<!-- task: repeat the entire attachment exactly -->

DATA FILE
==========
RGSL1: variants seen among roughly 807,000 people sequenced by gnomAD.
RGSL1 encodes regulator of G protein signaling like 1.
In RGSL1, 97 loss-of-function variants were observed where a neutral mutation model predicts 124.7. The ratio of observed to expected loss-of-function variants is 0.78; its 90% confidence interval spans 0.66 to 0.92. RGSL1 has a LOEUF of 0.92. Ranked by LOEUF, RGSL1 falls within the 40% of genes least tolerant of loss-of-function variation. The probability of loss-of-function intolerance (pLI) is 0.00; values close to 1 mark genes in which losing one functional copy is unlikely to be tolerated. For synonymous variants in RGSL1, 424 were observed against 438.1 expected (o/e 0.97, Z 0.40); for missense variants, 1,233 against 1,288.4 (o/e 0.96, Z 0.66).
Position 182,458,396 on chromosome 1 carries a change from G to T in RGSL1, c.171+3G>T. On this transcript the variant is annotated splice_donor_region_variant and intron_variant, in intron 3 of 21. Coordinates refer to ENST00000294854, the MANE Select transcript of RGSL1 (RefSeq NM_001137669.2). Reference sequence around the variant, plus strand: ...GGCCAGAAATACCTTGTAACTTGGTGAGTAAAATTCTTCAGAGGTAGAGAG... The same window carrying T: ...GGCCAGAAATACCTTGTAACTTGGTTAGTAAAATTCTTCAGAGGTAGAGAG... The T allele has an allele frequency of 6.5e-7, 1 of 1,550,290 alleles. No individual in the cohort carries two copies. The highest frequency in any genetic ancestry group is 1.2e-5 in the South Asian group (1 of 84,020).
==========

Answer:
RGSL1: variants seen among roughly 807,000 people sequenced by gnomAD.
RGSL1 encodes regulator of G protein signaling like 1.
In RGSL1, 97 loss-of-function variants were observed where a neutral mutation model predicts 124.7. The ratio of observed to expected loss-of-function variants is 0.78; its 90% confidence interval spans 0.66 to 0.92. RGSL1 has a LOEUF of 0.92. Ranked by LOEUF, RGSL1 falls within the 40% of genes least tolerant of loss-of-function variation. The probability of loss-of-function intolerance (pLI) is 0.00; values close to 1 mark genes in which losing one functional copy is unlikely to be tolerated. For synonymous variants in RGSL1, 424 were observed against 438.1 expected (o/e 0.97, Z 0.40); for missense variants, 1,233 against 1,288.4 (o/e 0.96, Z 0.66).
Position 182,458,396 on chromosome 1 carries a change from G to T in RGSL1, c.171+3G>T. On this transcript the variant is annotated splice_donor_region_variant and intron_variant, in intron 3 of 21. Coordinates refer to ENST00000294854, the MANE Select transcript of RGSL1 (RefSeq NM_001137669.2). Reference sequence around the variant, plus strand: ...GGCCAGAAATACCTTGTAACTTGGTGAGTAAAATTCTTCAGAGGTAGAGAG... The same window carrying T: ...GGCCAGAAATACCTTGTAACTTGGTTAGTAAAATTCTTCAGAGGTAGAGAG... The T allele has an allele frequency of 6.5e-7, 1 of 1,550,290 alleles. No individual in the cohort carries two copies. The highest frequency in any genetic ancestry group is 1.2e-5 in the South Asian group (1 of 84,020).